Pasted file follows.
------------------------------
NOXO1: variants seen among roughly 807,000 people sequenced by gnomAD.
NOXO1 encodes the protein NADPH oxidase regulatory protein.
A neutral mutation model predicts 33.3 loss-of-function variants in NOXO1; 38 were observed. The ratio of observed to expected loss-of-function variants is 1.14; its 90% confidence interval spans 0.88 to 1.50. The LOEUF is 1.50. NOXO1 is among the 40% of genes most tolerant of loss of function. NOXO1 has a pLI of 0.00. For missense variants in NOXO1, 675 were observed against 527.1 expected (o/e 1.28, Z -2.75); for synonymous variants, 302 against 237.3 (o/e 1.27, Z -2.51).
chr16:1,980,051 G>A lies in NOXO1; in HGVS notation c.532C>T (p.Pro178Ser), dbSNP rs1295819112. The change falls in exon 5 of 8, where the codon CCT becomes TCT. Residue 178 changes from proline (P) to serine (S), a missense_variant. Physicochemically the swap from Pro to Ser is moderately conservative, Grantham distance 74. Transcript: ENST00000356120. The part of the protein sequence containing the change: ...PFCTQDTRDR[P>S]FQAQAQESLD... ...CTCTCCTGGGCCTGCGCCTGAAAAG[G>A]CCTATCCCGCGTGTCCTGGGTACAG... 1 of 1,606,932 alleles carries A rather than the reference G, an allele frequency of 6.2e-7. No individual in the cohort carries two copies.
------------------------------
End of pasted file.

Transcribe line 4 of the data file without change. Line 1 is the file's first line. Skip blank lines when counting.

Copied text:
chr16:1,980,051 G>A lies in NOXO1; in HGVS notation c.532C>T (p.Pro178Ser), dbSNP rs1295819112. The change falls in exon 5 of 8, where the codon CCT becomes TCT. Residue 178 changes from proline (P) to serine (S), a missense_variant. Physicochemically the swap from Pro to Ser is moderately conservative, Grantham distance 74. Transcript: ENST00000356120. The part of the protein sequence containing the change: ...PFCTQDTRDR[P>S]FQAQAQESLD... ...CTCTCCTGGGCCTGCGCCTGAAAAG[G>A]CCTATCCCGCGTGTCCTGGGTACAG... 1 of 1,606,932 alleles carries A rather than the reference G, an allele frequency of 6.2e-7. No individual in the cohort carries two copies.